While centipedes are fine to spot outdoors, you do not want to see them inside. Get to know the biology and control methods of this insect so you can get rid of them and keep them away.

Biology of Centipedes
Centipedes have many segments, between 15 and 173 segments in total. Each segment has a single pair of walking legs. In terms of appearance, centipedes are flattened dorso-ventrally. Among the various non-flying arthropod predators, they are one of the most agile and fastest. Centipedes are predators for small arthropods, including spiders, cockroaches, carpet beetle larvae, silverfish, and firebrats. The adult house centipede typically has 15 body segments and 15 pairs of legs. On females, the final pair is about twice as long as the body. This body is between one and one and a half inches long. Factoring in the final pair of legs, this means that adult female centipedes can appear to be between three and four inches if you also count their antennae.

The legs of centipedes have dark and light bands. Their body has a dirty yellow color and features three dark stripes running longitudinally. When newly hatched, the centipede larvae have just four sets of legs. This number increases during their five larval molts, going to five pairs then growing by two pairs with each molt. Before reaching maturity, centipedes go through six larval molts or instars and four instars following the larval stage. Female centipedes can survive for several years, producing up to 150 offspring.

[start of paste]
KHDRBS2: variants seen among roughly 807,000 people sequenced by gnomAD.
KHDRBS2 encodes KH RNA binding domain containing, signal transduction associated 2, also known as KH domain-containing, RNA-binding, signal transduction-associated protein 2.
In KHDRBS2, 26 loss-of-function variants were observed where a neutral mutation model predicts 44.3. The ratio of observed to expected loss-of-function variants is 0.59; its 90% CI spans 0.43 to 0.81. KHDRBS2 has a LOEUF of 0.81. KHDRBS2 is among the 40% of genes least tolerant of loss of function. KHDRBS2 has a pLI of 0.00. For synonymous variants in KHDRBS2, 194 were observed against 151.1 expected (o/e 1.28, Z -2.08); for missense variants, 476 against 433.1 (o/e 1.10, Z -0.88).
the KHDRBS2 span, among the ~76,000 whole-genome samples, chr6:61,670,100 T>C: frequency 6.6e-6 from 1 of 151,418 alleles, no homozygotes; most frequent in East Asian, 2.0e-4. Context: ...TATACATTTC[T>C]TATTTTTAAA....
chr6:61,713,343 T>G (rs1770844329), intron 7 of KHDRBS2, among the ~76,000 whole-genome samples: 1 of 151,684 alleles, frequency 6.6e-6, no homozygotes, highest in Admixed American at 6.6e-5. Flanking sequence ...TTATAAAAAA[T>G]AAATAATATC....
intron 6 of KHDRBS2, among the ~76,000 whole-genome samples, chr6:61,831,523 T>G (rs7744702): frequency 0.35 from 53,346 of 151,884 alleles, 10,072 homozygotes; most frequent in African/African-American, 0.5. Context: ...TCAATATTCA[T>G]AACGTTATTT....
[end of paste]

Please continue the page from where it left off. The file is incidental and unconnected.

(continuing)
Why Centipedes Are Considered Pests
Although centipedes are very venomous, their venom does not affect humans, so this is not a concern. It is possible, however, to be allergic to the insects, in which case they can cause a severe allergic reaction that is life-threatening. Furthermore, it is rare that centipedes will bite. If they do, humans are likely to experience either no symptoms or localized and temporary pain. In addition to the possibility of an allergic reaction to a centipede bite, it is also possible for the bite to get infected. Those are almost the only situations, however, when a centipede bite represents a serious risk to humans. The big issue with centipedes is their ability to get into the home and hide. They will frequently take cover underneath concrete slabs, inside cement block walls, in floor drains that do not have water traps, in or under cardboard boxes sitting on slabs, and any other damp and cool location, including the crawlspace. Although centipedes do not necessarily carry any actual threats to people in a home, they are still pests since the average homeowner does not want them there but they can be annoying to get rid of. If you were to just squash a centipede when you see it, you may end up with stains.

Methods for Controlling Centipedes